9th February 2018
Ah.... I get asked this a lot! And it’s almost impossible to answer! The first thing to say is; you can have as many sessions as you like - I will keep working with you for as long as you feel you need me. Sadly there is no prescription as to how many weeks that will take. Everyone is different; some find that once they have got everything off their chest, they feel a lot better, whereas others find that what they thought was a one-dimensional issue, is actually more complicated and needs more work than they had first anticipated. My approach is to ask when we first meet what you hope to achieve, and then approximately every six weeks we can review how you feel it is going, and of course you may stop at any time.
One of the reasons I am asked this question is because of the cost, which is perfectly understandable. Paying an extra £45 per week can seem like a big commitment, particularly when I cannot tell you how long for! If money IS tight, what may help is to work out how many sessions you can afford to commit to at the beginning (eg 6,12 etc) and then we can work with that time frame in mind.
There is probably a cynical perception that of course I want you to keep coming, because you are paying me! Yes counselling is my business but in all honestly, I would NEVER tell someone to keep coming if I didn’t think there was a therapeutic need. Firstly it is against my ethical beliefs (and the professional code of conduct I adhere to) but also, if someone is there when they don’t want to be – it quite simply won’t work!
1st February 2018
Today is Time to Talk Day – set up by the charity www.time-to-change.org.uk whose mission is to get people talking about Mental Health and begin to chip away at the stigma surrounding it.
This is something I am REALLY passionate about. My analogy is that I would love to hear people talk about Mental Health the same way they talk about Dental Health! Dental Health conversations go a little like this:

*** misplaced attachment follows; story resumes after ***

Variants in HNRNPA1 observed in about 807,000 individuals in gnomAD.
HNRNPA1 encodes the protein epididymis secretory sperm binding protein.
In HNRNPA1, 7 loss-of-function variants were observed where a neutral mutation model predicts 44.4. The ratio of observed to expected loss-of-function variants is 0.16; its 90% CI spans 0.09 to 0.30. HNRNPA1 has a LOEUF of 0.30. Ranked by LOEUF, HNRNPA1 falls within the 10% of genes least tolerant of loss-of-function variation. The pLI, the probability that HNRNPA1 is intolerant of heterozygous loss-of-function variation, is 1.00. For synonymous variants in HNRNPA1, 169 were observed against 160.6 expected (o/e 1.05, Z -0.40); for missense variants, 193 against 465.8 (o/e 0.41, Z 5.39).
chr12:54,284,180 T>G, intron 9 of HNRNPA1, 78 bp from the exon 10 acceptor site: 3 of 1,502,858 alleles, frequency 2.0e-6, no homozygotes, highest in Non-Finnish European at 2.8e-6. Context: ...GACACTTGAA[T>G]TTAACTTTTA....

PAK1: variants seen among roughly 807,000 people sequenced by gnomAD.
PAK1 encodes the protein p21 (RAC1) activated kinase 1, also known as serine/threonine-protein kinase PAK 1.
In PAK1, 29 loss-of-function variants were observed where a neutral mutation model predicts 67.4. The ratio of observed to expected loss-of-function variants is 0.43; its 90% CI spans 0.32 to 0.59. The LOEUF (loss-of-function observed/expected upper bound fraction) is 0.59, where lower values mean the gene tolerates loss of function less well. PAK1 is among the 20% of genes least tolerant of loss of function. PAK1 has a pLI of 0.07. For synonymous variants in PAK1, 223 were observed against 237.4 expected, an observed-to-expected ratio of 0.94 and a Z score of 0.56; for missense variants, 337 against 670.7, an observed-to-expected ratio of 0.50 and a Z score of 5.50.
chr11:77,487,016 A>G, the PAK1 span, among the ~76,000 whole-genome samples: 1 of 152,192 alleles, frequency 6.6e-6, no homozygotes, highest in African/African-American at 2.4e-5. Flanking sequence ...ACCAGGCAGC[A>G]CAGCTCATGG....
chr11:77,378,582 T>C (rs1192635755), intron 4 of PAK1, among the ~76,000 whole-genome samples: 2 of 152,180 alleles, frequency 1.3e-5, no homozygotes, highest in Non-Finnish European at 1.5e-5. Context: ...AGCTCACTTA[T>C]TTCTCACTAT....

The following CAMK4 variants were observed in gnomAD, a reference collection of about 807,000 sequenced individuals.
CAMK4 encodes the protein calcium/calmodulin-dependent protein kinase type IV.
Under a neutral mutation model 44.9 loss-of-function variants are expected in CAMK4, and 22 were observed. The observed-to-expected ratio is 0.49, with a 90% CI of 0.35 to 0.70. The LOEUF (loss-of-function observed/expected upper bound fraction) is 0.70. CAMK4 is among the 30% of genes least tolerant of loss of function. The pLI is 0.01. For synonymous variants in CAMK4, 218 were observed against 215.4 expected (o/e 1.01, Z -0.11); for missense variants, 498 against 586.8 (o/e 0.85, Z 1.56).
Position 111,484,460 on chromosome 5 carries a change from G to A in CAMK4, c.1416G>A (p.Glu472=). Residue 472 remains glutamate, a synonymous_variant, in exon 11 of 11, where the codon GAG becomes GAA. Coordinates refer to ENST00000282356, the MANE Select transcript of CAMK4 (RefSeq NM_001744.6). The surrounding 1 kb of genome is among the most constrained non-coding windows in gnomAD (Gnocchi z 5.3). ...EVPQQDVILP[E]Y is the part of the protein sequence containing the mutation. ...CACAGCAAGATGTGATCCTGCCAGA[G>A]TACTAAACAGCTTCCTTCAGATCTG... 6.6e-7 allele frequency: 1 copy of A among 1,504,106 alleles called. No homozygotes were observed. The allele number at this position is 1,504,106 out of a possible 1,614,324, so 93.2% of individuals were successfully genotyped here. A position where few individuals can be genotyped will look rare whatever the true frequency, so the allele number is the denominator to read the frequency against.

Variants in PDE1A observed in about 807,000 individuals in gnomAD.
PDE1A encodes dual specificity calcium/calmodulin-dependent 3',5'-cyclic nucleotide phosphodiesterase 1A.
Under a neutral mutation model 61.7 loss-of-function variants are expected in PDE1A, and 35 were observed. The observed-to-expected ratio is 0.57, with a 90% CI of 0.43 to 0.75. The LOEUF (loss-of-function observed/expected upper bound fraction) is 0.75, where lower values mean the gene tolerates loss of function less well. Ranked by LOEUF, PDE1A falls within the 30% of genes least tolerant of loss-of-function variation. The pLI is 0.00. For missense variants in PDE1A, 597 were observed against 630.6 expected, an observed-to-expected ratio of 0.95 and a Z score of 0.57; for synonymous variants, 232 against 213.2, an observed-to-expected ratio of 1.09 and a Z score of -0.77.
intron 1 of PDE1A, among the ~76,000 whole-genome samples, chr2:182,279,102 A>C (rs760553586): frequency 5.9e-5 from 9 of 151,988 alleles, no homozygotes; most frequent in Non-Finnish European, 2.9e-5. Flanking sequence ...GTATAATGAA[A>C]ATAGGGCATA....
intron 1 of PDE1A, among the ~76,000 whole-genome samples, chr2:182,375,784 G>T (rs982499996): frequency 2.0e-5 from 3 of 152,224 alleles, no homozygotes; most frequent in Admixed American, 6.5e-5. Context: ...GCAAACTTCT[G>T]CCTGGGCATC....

Judgement free! No fear! Just Imagine how wonderful it would be if the same was true for THESE conversations:
You get the idea! Mental Health struggles are hard enough without having to worry about what people will say, whether your boss will find out, or keeping it a secret from friends. Please help start these conversations and banish the stigma! #timetotalk
26th January 2018
Well the glib answer is; ANYONE can benefit from therapy! But in all seriousness a lot of people think that you have to be suicidal or sectionable to have therapy (“oh I’m not that bad!”).
Now, absolutely I can and will help those who are really ill, or at a real crisis point in their lives, but they are not the only people who benefit from therapy. There are lots of things that can make day to day life unbearable: It might be feeling low, not being able to motivate yourself or enjoy things fully. It may be anxiety about a certain event or situation you find yourself in, or it may be problems in a relationship with someone in your life be it a parent, child, spouse, sibling or colleague.
Lots of people who sit opposite me say something along the lines of “I feel a bit of a fraud because there must be loads of people in worse situations that me” but my reply is always this; if there is something you are struggling with, which is preventing you from living your life the way you want to, then that is as valid as any other struggle - and I am here to help.